“I know what to do when an employee contributes to a 403(b)/401(k) at a prior employer; his dollar limit to our 403(b) is reduced by the amount of his deferral to the plan of his prior employer. But, what about 457(b) deferrals? I know that they do not affect the ability to defer to a 403(b) plan, but we also have a 457(b) plan to which this employee wishes to contribute. Does the amount he deferred to the 457(b) of his previous employer reduce the amount he may defer to our 457(b)? If it makes a difference, the employee’s prior employer was a public university, and we are a private university.”
Michael A. Webb, vice president, Cammack Retirement Group, answers:
First of all, the Experts commend you for making certain that you take into account deferrals to retirement plans of a prior employer. Too often, employees who change employers mid-year do not find out that deferral limits span multiple employers until it is too late.
And yes, though the 402(g) limit does not apply to 457(b) plans, there is a similar provision of the Code Section 457 (457(c)) that limits deferrals to 457(b)s of multiple employers in the same year to a single dollar limit ($17,500 in 2014, same as the 402(g) limit). Thus, deferrals made to the prior employer’s 457(b) will indeed reduce the amount that the employee may defer to the 457(b) plan that you sponsor.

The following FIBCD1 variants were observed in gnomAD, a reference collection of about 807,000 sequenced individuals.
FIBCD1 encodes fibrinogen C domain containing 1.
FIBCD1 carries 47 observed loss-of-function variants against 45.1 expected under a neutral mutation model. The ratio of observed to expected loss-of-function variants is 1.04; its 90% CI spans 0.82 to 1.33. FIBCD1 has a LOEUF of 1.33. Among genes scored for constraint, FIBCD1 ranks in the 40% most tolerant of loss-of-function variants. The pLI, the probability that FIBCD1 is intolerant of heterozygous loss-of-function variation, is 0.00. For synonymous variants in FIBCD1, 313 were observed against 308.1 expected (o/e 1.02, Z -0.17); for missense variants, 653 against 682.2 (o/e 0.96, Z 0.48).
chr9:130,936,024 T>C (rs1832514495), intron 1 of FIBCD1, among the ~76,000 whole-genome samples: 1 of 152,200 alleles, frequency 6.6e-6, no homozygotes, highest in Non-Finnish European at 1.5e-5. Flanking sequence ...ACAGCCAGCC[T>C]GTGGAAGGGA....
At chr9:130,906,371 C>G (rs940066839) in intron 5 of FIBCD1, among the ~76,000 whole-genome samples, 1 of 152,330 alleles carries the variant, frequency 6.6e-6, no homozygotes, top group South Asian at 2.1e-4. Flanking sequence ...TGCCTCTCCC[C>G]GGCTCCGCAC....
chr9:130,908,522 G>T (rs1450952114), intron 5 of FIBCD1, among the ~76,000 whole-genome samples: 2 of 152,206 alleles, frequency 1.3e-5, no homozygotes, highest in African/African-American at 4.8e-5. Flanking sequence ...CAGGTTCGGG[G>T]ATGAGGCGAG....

In your particular employee’s situation, if he or she is age 50 or older, the employee may have been able to defer an additional $5,500 to his/her prior employer’s plan under the age-50 catch-up election; such an election is not permitted in your plan, since your plan is not sponsored by a governmental entity. Otherwise, the fact that one plan is governmental and one is not has no impact on the contribution limit.
In addition it should be noted that, unlike in a 403(b) plan, employer contributions to a 457(b) plan are also considered to be deferrals that count against the 457(b) limit. A single $17,500 limit in 2014 applies to all contributions to 457(b) plans of multiple employers, whether contributed by the employer or employee.
Thank you for your question!
NOTE: This feature is to provide general information only, does not constitute legal advice, and cannot be used or substituted for legal or tax advice.
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